Tenant fined $1,000 for ruining rental with pet faeces and urine: Midland Magistrates Court

A tenant in Western Australia has been charged $1,000 after leaving a rental property in a "dirty way" and failing to provide a forwarding address.

The tenant, 47-year-old Lisa Marie Hutchins, pleaded guilty to breaking tenancy law at a hearing at the Midland Magistrates Court on 16 January 2014.

Hutchins rented a property in Stratton in December 2008, owned by a couple. She was given a notice of termination in August 2011. She refused to vacate. The investors sought a court order, which they obtained, that made her leave in November 2011. She did not attend the final inspection nor provide a contact address.

Stratton's median weekly rent is $393.

The property was left in a bad way, with the carpets ruined by pet faeces and urine. Hutchins was fined $250, and ordered to pay $702.63 in costs after her guilty plea.

Commissioner for Consumer Protection, Anne Driscoll, said that this prosecturion under the Residential Tenancies Act shows 'even handedness' in the regulation of the rental marketplace, and warned tenants about their legal responsibilities.

"Tenants have to keep a rental home tidy and clean and hand it back in a similar condition to how it was when the rental agreement began; less any fair wear and tear. In this case the property was left in a dirty and unsatisfactory condition – the carpets were ruined with pet faeces and urine," Driscoll said.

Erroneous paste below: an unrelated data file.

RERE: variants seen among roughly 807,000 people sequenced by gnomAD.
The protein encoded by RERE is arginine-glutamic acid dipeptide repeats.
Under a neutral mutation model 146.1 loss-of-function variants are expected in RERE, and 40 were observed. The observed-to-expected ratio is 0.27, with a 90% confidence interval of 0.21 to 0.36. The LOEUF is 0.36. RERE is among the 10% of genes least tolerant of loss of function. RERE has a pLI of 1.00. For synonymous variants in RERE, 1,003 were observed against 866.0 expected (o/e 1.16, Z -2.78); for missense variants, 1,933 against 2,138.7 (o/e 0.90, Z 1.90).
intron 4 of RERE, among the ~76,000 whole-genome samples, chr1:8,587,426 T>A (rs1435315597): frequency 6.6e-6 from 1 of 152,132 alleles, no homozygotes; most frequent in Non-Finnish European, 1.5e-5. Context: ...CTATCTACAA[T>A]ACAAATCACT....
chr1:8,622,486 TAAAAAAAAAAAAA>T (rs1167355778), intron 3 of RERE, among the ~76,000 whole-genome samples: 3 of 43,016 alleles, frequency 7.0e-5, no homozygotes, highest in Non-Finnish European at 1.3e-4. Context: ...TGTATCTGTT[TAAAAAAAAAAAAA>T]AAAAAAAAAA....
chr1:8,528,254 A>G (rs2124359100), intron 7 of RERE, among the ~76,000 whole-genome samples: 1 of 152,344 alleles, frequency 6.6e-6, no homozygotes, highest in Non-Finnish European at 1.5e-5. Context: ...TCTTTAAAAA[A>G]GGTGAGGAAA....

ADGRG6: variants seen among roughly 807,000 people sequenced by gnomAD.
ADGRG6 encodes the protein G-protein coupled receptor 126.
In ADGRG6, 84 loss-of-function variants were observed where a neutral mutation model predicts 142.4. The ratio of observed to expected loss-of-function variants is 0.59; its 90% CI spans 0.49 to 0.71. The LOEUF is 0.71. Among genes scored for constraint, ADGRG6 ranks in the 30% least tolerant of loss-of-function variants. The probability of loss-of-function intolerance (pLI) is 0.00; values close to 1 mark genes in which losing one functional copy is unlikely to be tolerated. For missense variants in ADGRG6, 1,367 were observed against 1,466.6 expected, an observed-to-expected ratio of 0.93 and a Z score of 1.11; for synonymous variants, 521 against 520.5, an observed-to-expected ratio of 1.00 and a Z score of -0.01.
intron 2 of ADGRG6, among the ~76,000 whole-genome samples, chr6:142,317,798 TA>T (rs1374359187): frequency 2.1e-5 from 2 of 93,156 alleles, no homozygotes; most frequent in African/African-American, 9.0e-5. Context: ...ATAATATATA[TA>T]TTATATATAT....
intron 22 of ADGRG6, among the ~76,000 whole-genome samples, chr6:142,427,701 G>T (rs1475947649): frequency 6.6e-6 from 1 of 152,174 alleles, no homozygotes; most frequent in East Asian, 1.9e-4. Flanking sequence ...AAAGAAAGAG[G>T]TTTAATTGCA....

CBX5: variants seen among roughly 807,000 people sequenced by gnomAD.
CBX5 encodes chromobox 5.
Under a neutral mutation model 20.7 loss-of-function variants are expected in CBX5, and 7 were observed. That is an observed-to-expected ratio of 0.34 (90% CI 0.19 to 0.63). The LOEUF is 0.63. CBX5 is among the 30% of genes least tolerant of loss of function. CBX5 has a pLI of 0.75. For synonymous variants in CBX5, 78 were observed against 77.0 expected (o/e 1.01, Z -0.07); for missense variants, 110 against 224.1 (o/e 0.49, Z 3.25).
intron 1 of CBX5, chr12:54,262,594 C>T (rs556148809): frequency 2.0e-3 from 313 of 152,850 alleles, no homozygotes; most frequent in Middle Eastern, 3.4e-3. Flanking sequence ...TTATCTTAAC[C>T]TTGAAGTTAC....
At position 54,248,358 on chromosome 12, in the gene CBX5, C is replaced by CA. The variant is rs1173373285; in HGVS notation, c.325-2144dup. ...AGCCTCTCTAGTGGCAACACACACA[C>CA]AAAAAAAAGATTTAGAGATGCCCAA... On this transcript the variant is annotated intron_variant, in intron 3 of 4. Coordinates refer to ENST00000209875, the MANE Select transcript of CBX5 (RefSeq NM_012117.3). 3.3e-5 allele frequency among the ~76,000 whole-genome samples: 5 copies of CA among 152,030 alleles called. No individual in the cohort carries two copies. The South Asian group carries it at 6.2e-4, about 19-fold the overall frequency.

"The repairs cost nearly $6,000 and the bond only covered about $1,600 leaving the owners about $4,300 out of pocket. They were unable to contact Ms Hutchins to seek redress because she had failed to leave her former landlord a forwarding address, which exiting tenants are required to do under the Residential Tenancies Act."

A number of complaints are apparently received by Consumer Protection from landlords around this type of issue. Not leaving a forwarding address is a responsibility of the tenant, said Driscoll.

"Importantly, the maximum fine for this issue has recently been increased from $1,000 to $5,000. The higher fine was not applicable in this case," she said.

"A tenant failing to leave a forwarding address might sound like a trivial matter but for a landlord who needs to seek payment for repairs, it is vital information. The consequences of not having those details can be severe financial detriment."

Tenant damage, while not always common, is something that strikes fear into the hearts of many investors. If you are concerned about tenant damage, Margaret Lomas explains the insurances you might want to take out.

This guide on how to keep good tenants might also come in handy.

jduke@propertyobserver.com.au

Jennifer Duke

Jennifer Duke

Jennifer Duke was a property writer at Property Observer

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